Introduction to Maritime Law
Maritime Law, branch of law relating to commerce and navigation on the high seas and on other navigable waters. Specifically, the term refers to the body of customs, legislation, international treaties, and court decisions pertaining to ownership and operation of vessels, transportation of passengers and cargo on them, and rights and obligations of their crews while in transit.
The origins of maritime law go back to antiquity. Because no country has jurisdiction over the seas, it has been necessary for nations to reach agreements regarding ways of dealing with ships, crews, and cargoes when disputes arise. The earliest agreements were probably based on a body of ancient customs that had developed as practical solutions to common problems. Many of these customs became part of Roman civil law. After the fall of the Roman Empire, maritime commerce was disrupted for about 500 years.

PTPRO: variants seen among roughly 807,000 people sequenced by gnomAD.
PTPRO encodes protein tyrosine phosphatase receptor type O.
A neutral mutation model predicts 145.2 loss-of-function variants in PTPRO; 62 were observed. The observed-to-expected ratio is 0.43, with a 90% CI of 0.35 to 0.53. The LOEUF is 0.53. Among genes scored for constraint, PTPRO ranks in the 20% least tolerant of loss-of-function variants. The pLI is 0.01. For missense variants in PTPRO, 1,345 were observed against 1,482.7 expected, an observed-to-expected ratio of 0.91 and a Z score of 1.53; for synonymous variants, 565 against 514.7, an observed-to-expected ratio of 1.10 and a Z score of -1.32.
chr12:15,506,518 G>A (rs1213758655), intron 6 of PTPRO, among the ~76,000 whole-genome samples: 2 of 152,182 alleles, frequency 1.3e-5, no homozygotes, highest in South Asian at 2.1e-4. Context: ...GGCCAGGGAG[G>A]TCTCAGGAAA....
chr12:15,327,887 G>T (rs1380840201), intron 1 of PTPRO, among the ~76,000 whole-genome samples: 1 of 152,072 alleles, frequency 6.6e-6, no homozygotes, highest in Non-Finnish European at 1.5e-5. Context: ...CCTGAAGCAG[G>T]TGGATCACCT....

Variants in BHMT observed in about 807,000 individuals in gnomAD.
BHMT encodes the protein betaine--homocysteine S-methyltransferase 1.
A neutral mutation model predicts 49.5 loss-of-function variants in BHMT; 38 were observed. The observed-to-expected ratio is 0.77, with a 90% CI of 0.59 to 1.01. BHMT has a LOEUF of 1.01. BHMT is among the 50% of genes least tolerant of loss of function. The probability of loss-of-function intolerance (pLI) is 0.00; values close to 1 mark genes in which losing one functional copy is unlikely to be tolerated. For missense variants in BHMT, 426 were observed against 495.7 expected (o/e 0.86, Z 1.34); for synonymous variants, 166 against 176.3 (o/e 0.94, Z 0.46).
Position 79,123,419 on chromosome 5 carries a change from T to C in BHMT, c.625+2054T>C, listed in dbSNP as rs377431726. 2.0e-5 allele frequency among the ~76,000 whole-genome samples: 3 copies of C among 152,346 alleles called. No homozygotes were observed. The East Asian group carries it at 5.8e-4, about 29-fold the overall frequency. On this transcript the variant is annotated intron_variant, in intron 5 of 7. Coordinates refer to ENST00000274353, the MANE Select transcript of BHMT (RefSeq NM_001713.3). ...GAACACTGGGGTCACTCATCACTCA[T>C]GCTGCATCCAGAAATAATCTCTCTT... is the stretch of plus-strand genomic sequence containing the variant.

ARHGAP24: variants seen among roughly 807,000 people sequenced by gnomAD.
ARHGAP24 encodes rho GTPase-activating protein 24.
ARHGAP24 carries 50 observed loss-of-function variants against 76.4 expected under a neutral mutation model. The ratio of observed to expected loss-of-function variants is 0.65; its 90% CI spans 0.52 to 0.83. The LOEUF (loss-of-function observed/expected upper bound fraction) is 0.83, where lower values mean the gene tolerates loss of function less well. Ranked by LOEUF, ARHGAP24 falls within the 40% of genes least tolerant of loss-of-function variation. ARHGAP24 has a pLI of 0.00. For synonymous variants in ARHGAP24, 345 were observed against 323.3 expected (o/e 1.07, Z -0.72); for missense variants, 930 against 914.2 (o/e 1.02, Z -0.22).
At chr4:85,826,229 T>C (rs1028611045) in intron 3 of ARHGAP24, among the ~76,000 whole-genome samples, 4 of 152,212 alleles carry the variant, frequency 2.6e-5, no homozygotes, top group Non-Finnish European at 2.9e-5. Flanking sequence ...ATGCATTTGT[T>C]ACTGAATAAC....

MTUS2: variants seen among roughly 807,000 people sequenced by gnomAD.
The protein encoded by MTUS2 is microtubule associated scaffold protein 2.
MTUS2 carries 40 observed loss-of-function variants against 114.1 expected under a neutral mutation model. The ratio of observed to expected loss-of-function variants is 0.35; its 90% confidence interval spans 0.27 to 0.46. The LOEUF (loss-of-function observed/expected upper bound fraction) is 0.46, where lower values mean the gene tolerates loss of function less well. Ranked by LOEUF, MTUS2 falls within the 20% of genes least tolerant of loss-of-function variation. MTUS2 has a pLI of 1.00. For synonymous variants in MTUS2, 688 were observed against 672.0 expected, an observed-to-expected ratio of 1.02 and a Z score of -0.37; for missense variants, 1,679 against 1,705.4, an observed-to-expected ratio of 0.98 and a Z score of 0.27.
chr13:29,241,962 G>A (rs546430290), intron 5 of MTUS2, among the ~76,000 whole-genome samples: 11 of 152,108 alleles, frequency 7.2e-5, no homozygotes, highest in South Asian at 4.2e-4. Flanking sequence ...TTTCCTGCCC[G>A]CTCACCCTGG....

After maritime activity was resumed in the Middle Ages, various disputes arose and laws were formulated to deal with them. Gradually the laws of the sea were compiled; among the best-known collections of early maritime law are the Laws of Oleron and the Black Book of the Admiralty, an English compilation prepared during the 14th and 15th centuries. Special courts to administer sea laws were set up in some countries. In Britain today, maritime law is administered by courts of the admiralty.
In the United States
About provisions in the U.S. Constitution and other U.S. legislation and practice, see maritime law in the U.S..
The Scope of Maritime Law
Liability for common-law wrongs is enforced by the maritime law of the United States and the United Kingdom (see Maritime Law in England and Wales, Common Law and Tort). Maritime torts include all illegal acts or direct injuries arising in connection with commerce and navigation occurring on navigable waters, including negligence and the wrongful taking of property. The law permits recovery only for actual damages. Maritime law also recognizes and enforces contracts and awards damages for failure to fulfill them.